Face detection is an age old process and is widely used in popular applications like Face ID by Apple, FaceApp, in surveillance cameras in China and many other applications. Today, we have sophisticated machine learning techniques which can perform face detection with near human precision and near real-time performace. What is interesting is that even in 2001, we had algorithms in use for Face detection. Yes, we are going back 2 decades. A time machine learning still was yet to blow up and Face detection's future was uncertain.
Haar-like features are digital image features used in object recognition. They owe their name to their intuitive similarity with Haar wavelets and were used in the first real-time face detector. Historically, working with only image intensities (i.e., the RGB pixel values at each and every pixel of image) made the task of feature calculation computationally expensive. A publication by Papageorgiou et al. discussed working with an alternate feature set based on Haar wavelets instead of the usual image intensities. Viola and Jones adapted the idea of using Haar wavelets and developed the so-called Haar-like features.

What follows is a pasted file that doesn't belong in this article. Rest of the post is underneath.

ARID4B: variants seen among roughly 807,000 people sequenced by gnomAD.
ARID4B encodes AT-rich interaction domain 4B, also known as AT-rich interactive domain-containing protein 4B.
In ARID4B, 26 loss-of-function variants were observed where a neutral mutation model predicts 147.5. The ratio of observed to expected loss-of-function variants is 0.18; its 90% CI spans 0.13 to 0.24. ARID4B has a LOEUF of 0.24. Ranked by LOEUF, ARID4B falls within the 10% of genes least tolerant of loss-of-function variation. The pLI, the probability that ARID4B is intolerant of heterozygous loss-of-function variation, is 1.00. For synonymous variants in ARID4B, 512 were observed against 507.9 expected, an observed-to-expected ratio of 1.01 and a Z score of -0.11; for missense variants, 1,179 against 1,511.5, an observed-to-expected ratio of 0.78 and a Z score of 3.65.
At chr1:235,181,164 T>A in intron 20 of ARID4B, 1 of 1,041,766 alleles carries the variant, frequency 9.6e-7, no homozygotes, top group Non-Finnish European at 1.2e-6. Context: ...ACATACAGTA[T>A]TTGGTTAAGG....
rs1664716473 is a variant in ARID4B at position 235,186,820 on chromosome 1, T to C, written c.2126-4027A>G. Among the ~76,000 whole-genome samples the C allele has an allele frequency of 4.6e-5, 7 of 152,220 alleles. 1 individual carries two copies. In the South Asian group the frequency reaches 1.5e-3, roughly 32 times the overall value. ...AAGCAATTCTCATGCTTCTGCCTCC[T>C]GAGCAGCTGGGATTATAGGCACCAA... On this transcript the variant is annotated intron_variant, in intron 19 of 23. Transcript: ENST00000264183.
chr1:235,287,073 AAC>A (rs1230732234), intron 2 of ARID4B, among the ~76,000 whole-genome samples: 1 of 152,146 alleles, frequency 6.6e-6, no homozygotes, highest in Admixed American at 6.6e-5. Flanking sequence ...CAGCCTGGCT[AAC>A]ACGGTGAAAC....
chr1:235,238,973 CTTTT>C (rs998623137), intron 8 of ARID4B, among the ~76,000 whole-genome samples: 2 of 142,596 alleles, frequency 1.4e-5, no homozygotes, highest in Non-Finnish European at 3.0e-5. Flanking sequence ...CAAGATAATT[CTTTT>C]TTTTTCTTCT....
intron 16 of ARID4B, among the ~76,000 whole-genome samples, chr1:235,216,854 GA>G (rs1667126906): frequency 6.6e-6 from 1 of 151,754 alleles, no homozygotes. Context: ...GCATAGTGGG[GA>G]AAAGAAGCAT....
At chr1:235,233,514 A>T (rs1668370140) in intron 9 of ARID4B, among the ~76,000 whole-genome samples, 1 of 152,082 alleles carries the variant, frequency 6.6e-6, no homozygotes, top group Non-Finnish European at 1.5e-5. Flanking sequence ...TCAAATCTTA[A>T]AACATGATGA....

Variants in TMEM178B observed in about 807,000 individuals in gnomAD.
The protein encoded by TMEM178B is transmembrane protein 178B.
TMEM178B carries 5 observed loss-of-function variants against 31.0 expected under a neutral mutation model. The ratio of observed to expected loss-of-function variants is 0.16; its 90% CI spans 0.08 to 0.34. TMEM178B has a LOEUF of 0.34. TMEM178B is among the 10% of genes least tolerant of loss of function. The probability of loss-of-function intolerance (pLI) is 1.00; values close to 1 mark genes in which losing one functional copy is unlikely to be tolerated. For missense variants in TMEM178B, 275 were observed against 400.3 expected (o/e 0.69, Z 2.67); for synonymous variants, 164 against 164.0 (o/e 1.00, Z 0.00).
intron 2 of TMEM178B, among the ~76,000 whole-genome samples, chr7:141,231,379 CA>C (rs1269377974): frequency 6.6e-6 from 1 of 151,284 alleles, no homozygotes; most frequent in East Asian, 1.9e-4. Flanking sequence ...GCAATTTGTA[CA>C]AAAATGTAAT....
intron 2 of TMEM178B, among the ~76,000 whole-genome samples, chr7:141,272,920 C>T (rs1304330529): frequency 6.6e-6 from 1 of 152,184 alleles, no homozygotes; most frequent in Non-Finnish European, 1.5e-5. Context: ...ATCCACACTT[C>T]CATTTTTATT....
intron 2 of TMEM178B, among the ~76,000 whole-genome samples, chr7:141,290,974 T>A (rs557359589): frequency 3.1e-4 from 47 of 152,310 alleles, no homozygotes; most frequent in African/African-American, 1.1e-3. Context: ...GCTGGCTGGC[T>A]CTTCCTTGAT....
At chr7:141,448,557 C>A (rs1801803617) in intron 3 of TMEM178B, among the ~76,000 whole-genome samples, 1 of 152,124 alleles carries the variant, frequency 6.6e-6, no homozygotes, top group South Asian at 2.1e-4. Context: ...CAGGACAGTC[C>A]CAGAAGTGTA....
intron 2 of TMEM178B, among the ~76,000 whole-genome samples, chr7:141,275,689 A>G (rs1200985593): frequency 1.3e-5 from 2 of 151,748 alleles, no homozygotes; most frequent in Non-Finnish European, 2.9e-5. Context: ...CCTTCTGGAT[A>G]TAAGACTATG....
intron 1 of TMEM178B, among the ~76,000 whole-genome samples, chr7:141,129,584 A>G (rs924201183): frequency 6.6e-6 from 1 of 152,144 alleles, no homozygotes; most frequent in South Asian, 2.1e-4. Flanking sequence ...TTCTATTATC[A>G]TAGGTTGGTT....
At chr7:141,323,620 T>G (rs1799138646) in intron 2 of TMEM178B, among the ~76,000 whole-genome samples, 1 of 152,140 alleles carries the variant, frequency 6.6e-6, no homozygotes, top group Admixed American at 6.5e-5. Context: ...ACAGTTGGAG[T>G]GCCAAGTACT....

These words send a shiver down my spine. But then again, they are the only comfort I get when I use Snapchat these days. "Why is Snapchat scaring this moron?" I don't know about you, BUT I SURE AS HELL don't enjoy sharing my bed with Casper or any other creepy ghosts that this otherworld-R.S.V.P-app has brought to my life. You see, every once in a while I'm doing my dog filter faces like a normal human being in 2017; but then… my cat stops moving and stares at the end of the room… the camera refocuses… and then: it finds an invisible Dalmatian filter standing by my side. I've moved twice already… but NO LONGER!